Pollenizer pockets $1.1 million as Asian market sizzles

Online venture builder Pollenizer plans to create eight start-ups in Australia and south-east Asia this year, after raising $1.1 million from investors including Pandora founder Brook Adcock.


The capital raise, which was undertaken in December, came from a range of investors in Australia, Singapore and the United States. About 12 new investors participated in the deal.


These include Pandora founder Brook Adcock, Carsales chief executive Greg Roebuck and Neil Miller, a veteran technology investor and early investor in Seek.


According to Roebuck, Pollenizer has “world-class experience” in start-ups, and is leading the way in the Australian start-up technology industry.


The funds will be used to launch additional tech start-ups, fund the growth of the existing portfolio of companies, and support the expansion of Pollenizer’s activities in south-east Asia.


“This fund is [going] directly into Pollenizer Global. Instead of being just a fund, we’re now a company with a fund. This is a much more useful structure for us,” Pollenizer co-founder Mick Liubinskas told StartupSmart.


“The business has a global focus, and we’re doing a lot of work now in South East Asia. [This funding] enables us to get more support there, attracting more investment down the track.”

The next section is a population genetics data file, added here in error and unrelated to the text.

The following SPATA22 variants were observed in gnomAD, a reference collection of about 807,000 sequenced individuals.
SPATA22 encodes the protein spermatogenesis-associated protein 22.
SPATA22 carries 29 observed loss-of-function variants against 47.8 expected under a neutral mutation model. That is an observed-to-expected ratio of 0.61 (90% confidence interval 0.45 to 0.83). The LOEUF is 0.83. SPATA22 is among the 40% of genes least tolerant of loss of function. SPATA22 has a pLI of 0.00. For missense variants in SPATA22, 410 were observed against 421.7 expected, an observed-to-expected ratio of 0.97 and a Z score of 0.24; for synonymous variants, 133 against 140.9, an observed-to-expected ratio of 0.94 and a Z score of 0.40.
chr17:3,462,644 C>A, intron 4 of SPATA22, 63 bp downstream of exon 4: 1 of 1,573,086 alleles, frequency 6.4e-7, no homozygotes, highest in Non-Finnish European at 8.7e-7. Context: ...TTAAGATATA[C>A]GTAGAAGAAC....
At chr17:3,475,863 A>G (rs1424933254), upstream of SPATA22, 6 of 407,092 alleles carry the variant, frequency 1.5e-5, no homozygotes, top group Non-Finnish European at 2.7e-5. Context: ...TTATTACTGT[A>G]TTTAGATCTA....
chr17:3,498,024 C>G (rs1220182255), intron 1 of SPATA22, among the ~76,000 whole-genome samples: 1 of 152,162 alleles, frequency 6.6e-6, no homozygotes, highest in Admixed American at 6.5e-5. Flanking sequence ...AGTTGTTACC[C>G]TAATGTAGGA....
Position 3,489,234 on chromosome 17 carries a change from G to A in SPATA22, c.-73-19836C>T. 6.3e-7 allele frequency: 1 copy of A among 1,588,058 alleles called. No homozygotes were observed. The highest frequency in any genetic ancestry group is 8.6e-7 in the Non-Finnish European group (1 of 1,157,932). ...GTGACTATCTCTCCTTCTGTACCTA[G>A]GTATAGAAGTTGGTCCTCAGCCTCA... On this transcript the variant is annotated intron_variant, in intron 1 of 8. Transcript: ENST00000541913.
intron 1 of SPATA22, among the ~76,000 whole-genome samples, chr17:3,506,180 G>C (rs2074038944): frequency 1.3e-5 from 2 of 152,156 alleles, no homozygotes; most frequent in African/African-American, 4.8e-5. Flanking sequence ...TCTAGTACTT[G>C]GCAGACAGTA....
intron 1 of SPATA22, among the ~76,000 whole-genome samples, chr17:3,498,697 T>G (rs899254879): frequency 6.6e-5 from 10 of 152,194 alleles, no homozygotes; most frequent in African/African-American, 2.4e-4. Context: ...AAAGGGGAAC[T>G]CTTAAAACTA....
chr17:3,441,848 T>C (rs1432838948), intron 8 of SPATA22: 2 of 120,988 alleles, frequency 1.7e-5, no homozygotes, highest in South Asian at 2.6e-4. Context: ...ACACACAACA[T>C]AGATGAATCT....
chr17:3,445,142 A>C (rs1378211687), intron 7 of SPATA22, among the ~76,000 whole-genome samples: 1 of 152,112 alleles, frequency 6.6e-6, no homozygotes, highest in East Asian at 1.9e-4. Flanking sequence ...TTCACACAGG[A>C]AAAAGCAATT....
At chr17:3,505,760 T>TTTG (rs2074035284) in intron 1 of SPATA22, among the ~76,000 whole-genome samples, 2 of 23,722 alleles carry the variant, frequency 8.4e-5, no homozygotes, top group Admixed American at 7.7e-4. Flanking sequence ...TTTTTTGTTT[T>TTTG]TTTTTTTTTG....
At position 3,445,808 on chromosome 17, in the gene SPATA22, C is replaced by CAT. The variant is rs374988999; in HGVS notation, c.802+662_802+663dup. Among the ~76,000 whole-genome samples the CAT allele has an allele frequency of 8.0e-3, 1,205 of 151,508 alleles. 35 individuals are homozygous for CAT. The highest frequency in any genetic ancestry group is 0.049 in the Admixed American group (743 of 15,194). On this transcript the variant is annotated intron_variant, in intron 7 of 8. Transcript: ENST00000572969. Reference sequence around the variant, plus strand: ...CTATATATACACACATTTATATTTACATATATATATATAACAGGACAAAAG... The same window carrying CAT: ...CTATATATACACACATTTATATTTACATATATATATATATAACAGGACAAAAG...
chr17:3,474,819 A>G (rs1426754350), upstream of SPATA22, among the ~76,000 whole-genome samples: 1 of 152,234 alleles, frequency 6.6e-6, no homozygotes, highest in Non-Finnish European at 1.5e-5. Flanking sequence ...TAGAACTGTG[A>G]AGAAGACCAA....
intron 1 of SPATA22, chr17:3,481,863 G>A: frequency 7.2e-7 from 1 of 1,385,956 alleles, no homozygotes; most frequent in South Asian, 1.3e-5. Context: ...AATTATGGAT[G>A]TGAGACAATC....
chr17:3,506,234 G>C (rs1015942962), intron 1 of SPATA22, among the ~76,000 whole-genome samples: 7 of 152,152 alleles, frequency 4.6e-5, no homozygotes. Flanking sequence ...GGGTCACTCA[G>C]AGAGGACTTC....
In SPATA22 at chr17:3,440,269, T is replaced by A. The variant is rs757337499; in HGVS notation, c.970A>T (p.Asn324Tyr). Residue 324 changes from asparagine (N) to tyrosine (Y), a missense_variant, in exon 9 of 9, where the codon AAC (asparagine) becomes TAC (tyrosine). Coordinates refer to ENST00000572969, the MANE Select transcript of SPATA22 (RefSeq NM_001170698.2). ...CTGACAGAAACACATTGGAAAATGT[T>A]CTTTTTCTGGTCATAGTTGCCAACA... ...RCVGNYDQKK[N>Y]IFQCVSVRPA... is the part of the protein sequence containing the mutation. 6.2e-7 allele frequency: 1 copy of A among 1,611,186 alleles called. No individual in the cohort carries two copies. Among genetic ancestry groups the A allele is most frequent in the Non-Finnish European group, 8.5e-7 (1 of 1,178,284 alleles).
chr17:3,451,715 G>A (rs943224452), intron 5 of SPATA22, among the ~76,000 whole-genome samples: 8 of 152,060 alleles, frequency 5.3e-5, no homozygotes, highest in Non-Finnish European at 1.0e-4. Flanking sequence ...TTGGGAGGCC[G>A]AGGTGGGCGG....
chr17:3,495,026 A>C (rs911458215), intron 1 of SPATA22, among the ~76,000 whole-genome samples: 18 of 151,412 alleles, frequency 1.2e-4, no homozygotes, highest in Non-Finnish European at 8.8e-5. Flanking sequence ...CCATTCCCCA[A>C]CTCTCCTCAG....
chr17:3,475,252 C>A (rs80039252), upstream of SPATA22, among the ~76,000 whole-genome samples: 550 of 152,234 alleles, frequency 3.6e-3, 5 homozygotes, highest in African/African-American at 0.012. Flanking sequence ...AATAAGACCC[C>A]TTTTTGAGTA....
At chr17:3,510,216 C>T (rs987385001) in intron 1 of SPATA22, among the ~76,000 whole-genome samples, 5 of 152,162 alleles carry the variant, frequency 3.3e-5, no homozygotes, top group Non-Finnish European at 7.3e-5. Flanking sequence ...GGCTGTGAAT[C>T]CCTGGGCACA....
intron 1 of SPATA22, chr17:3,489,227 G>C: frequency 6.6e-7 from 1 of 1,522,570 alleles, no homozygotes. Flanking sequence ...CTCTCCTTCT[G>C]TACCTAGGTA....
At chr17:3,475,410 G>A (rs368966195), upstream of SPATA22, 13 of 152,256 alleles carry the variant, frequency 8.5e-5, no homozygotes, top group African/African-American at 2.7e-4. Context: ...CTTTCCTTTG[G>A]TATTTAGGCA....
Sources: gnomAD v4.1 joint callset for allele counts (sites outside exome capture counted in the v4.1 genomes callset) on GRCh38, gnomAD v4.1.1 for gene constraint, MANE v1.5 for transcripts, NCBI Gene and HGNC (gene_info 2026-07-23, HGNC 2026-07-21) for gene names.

Liubinskas founded Pollenizer with Phil Morle in 2008. Since then, it has launched 20 start-ups, raised $12 million, and counts Spreets and Dealised on its list of start-up success stories.


In August last year, Pollenizer branched out to Singapore – its first foray into the Asia Pacific – and highlighted plans to establish a presence in other Asian cities such as Manila and Bangkok.


Liubinskas says Pollenizer is “doing really well” in south-east Asia, describing it as a “really fertile market”.


“We’ve been very well received. Phil has been doing work in Manila, and we have a lot of interest in Indonesia,” he says.


“Last year was about setting up. This year, we’re about to see a lot of growth. The goal is four start-ups out of south-east Asia and, in Australia, four again.


According to Liubinskas, about a third of the new investors are based overseas.


“From LA, we’ve got a venture firm called Siemens Venture Capital. They’ve got a lot of interest in the Asia Pacific. They see Pollenizer as a gateway to that market,” he says.


“I think [US investors] see Pollenizer as a combination of Australia and south-east Asia, so Australia is a bit of any access-way [to Asia] but is valuable in its own right.


“They know in the US it’s very competitive to find good deals in Silicon Valley, and they want to put their money to work where it gets good returns.


“Not all of them [are investing more outside the US] but absolutely some of them are.”


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